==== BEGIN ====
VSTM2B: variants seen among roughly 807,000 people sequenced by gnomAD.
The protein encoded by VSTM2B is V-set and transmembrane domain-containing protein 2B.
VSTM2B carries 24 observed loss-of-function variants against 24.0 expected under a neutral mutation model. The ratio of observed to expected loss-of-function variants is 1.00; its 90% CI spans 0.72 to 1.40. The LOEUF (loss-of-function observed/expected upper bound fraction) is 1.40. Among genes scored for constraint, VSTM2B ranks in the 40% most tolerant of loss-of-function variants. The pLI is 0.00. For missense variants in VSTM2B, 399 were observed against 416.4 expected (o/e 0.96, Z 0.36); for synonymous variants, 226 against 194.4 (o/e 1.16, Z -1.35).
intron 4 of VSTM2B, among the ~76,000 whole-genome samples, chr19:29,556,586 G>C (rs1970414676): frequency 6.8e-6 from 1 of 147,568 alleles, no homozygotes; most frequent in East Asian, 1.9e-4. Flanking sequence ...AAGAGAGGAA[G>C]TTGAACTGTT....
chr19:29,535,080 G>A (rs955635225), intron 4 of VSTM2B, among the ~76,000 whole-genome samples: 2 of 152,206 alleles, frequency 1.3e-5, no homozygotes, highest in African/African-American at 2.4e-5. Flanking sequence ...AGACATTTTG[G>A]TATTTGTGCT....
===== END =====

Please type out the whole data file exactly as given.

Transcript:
VSTM2B: variants seen among roughly 807,000 people sequenced by gnomAD.
The protein encoded by VSTM2B is V-set and transmembrane domain-containing protein 2B.
VSTM2B carries 24 observed loss-of-function variants against 24.0 expected under a neutral mutation model. The ratio of observed to expected loss-of-function variants is 1.00; its 90% CI spans 0.72 to 1.40. The LOEUF (loss-of-function observed/expected upper bound fraction) is 1.40. Among genes scored for constraint, VSTM2B ranks in the 40% most tolerant of loss-of-function variants. The pLI is 0.00. For missense variants in VSTM2B, 399 were observed against 416.4 expected (o/e 0.96, Z 0.36); for synonymous variants, 226 against 194.4 (o/e 1.16, Z -1.35).
intron 4 of VSTM2B, among the ~76,000 whole-genome samples, chr19:29,556,586 G>C (rs1970414676): frequency 6.8e-6 from 1 of 147,568 alleles, no homozygotes; most frequent in East Asian, 1.9e-4. Flanking sequence ...AAGAGAGGAA[G>C]TTGAACTGTT....
chr19:29,535,080 G>A (rs955635225), intron 4 of VSTM2B, among the ~76,000 whole-genome samples: 2 of 152,206 alleles, frequency 1.3e-5, no homozygotes, highest in African/African-American at 2.4e-5. Flanking sequence ...AGACATTTTG[G>A]TATTTGTGCT....